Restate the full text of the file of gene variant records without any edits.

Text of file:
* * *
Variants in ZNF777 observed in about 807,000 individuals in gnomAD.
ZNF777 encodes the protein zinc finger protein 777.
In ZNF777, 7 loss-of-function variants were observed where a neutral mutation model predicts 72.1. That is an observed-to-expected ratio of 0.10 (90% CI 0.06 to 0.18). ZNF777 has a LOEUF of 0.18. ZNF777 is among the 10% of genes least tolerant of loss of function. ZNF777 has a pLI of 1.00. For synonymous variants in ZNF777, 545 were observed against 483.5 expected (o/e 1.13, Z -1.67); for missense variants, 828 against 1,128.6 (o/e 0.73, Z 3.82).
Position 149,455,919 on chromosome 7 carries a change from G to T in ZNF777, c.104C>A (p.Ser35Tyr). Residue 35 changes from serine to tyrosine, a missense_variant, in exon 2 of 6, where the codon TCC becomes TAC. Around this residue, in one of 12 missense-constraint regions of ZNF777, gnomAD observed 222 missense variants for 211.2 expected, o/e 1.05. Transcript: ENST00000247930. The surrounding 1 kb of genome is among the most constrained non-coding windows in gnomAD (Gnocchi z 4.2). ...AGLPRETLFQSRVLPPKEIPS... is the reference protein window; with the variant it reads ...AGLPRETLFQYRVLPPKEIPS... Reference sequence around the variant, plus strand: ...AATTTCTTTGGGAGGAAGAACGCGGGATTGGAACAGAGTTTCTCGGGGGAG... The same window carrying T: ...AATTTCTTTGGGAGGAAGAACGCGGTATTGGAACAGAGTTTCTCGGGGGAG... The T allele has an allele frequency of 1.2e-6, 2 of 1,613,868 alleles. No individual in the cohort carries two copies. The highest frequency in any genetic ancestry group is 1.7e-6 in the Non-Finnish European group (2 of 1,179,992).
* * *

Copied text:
Variants in ZNF777 observed in about 807,000 individuals in gnomAD.
ZNF777 encodes the protein zinc finger protein 777.
In ZNF777, 7 loss-of-function variants were observed where a neutral mutation model predicts 72.1. That is an observed-to-expected ratio of 0.10 (90% CI 0.06 to 0.18). ZNF777 has a LOEUF of 0.18. ZNF777 is among the 10% of genes least tolerant of loss of function. ZNF777 has a pLI of 1.00. For synonymous variants in ZNF777, 545 were observed against 483.5 expected (o/e 1.13, Z -1.67); for missense variants, 828 against 1,128.6 (o/e 0.73, Z 3.82).
Position 149,455,919 on chromosome 7 carries a change from G to T in ZNF777, c.104C>A (p.Ser35Tyr). Residue 35 changes from serine to tyrosine, a missense_variant, in exon 2 of 6, where the codon TCC becomes TAC. Around this residue, in one of 12 missense-constraint regions of ZNF777, gnomAD observed 222 missense variants for 211.2 expected, o/e 1.05. Transcript: ENST00000247930. The surrounding 1 kb of genome is among the most constrained non-coding windows in gnomAD (Gnocchi z 4.2). ...AGLPRETLFQSRVLPPKEIPS... is the reference protein window; with the variant it reads ...AGLPRETLFQYRVLPPKEIPS... Reference sequence around the variant, plus strand: ...AATTTCTTTGGGAGGAAGAACGCGGGATTGGAACAGAGTTTCTCGGGGGAG... The same window carrying T: ...AATTTCTTTGGGAGGAAGAACGCGGTATTGGAACAGAGTTTCTCGGGGGAG... The T allele has an allele frequency of 1.2e-6, 2 of 1,613,868 alleles. No individual in the cohort carries two copies. The highest frequency in any genetic ancestry group is 1.7e-6 in the Non-Finnish European group (2 of 1,179,992).